A few tidbits about Thanksgiving, plus a guide on celebrating Thanksgiving in 2020, especially if you’re in Chicago.
Thanksgiving in 2020 may turn out to be the most memorable Thanksgiving of our lives. Because, as I was telling someone the other day…
I think we all need to be a little bit thankful this year. Because we are still here.
Even he didn't make it.
On the other hand, as I’m sure you know,..
...thanks to our new friend (gif courtesy giphy)...
...Thanksgiving in 2020 won’t be like any Thanksgiving you remember.
For one, there’s going to be no Thanksgiving Parade.
Thanksgiving dinner may also be a smaller and more subdued event than usual.
Regardless, like I said, we should be thankful just for being around.
To help mark the occasion, Fox in a Box would like to tell you a lot of ‘five things about Thanksgiving’ that you should know.
Five historical facts about Thanksgiving you should know
How many of these do you know?
The very first Thanksgiving went on for three days
The very first Thanksgiving. Image courtesy lowcountrysource.com.
The very first Thanksgiving was a celebration of the Pilgrims’ first ever corn harvest. They invited their allies - members of the Wampanoag tribe - to join in the festivities.
The tribe members had also brought their own food to share.
There was enough food to last three whole days - and the festivities went on for as long.
There have been different kinds of demands to celebrate Thanksgiving
In 1789, George Washington called for a national holiday to be thankful over the United States gaining independence.
During the Civil War, both the Union and the Confederacy announced days of Thanksgiving to celebrate battlefield victories.
The ‘Mother of Thanksgiving’
Are you thankful for Thanksgiving being a national holiday?
If you are, you should thank a lady called Sarah Josepha Hale, a poet and an activist in the 1800’s.
Sarah Josepha Hale. Image courtesy recollections.biz.
It was she who lobbied then President Abraham Lincoln to make Thanksgiving a national holiday.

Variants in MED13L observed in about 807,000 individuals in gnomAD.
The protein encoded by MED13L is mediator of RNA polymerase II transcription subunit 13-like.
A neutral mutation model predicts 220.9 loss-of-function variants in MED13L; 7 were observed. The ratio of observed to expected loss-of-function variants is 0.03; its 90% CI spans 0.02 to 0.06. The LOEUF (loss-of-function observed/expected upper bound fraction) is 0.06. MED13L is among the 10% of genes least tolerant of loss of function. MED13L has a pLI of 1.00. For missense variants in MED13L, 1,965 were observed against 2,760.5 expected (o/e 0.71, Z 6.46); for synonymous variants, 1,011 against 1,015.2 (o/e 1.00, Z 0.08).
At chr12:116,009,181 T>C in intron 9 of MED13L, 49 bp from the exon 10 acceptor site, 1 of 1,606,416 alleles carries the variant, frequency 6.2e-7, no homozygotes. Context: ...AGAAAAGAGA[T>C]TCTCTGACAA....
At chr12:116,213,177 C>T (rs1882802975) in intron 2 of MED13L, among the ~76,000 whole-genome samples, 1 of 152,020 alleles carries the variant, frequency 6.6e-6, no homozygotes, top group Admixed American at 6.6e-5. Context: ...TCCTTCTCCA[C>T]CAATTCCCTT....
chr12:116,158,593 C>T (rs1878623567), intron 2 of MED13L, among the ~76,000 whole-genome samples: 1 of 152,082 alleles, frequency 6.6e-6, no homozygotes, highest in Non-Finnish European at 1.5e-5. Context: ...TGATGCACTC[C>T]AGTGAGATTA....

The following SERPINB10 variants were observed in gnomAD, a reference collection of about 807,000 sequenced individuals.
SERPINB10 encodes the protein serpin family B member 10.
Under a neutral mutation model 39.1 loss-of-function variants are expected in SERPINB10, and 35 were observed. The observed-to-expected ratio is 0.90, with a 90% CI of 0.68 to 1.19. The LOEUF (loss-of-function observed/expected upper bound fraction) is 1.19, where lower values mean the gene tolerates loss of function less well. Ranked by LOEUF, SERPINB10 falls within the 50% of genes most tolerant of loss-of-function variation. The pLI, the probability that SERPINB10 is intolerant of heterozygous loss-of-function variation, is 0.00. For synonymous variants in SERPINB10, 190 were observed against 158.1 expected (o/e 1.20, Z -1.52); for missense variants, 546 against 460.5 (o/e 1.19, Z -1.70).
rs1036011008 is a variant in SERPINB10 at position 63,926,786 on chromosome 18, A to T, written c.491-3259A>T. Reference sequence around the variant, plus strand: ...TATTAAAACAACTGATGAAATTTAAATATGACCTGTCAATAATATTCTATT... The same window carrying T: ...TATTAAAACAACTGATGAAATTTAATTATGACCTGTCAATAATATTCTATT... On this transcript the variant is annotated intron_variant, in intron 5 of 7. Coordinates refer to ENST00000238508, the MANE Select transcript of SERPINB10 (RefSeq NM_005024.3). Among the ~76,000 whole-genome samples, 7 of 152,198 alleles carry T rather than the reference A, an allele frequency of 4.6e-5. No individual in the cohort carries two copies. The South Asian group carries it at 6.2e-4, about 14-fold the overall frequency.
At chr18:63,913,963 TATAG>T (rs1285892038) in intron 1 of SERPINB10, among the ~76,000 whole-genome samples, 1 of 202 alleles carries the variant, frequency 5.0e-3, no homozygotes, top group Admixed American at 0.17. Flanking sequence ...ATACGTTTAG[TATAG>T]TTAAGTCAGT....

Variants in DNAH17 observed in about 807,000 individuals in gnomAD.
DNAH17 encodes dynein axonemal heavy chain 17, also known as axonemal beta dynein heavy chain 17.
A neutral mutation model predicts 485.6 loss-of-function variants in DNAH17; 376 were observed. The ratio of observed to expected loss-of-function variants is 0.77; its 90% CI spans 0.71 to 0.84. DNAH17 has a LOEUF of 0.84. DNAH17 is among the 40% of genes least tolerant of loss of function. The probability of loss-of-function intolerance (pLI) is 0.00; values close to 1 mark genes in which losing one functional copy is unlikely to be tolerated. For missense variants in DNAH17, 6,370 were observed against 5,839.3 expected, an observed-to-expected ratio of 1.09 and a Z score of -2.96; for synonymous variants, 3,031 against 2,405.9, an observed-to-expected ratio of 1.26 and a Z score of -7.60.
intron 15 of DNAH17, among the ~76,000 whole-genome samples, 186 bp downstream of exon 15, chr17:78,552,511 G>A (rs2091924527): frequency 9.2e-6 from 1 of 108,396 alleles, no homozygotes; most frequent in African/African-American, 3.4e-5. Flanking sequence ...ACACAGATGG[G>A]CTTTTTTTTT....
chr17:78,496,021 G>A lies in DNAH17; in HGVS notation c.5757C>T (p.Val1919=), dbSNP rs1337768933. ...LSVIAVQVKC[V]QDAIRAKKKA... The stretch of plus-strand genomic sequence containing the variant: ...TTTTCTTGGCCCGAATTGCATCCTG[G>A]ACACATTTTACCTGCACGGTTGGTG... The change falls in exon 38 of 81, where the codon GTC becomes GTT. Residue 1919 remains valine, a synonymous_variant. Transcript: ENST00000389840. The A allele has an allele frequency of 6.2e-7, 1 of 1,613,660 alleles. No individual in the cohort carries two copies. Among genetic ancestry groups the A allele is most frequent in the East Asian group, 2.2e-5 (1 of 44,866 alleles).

Football on Thanksgiving
The tradition of football on Thanksgiving became institutionalized when Princeton began a tradition of facing off against Yale every year on Thanksgiving, from 1876.
In 1882, the Intercollegiate Football Association decided to hold a Thanksgiving football game every year between the two top teams of the year.
Cooking the turkey
Do you have any questions about cooking the turkey?
Is my turkey done?
What sauce would be best?
Help! My turkey’s on fire!
The Butterball Turkey Helpline receives over a hundred thousand calls like that every year!
Five traditional Thanksgiving foods
A traditional Thanksgiving dinner.
These are 5 food items that are widely considered standard Thanksgiving fare:
Mashed potatoes with gravy and cranberry sauce.
Which of them do you like the most?
Five facts about the Thanksgiving turkey you should know
Would you pardon this bird?
The very first Thanksgiving feast between Pilgrims and Indians did not have turkey on the menu.
The tradition of the President receiving a turkey on Thanksgiving began in 1873 when Horace (or Henry) Vose, a turkey farmer from the Ocean State, presented then President Ulysses Grant with a turkey.
In 1926, President Coolidge received a raccoon instead of a turkey, with a note assuring him that the animal was ‘toothsome’. The First Family decided to ‘pardon’ the raccoon.
George HW Bush pardons a turkey.
Image courtesy whitehousehistory.org.
The ‘turkey pardon’ was a voluntary choice till 1989, when President Bush Sr. decided to make it permanent practice.
Turkeys have an amino acid called Tryptophan in their bodies which helps us calm down. That’s why you feel relaxed and sleepy after your Thanksgiving feast.
Five ways to celebrate Thanksgiving 2020 in Chicago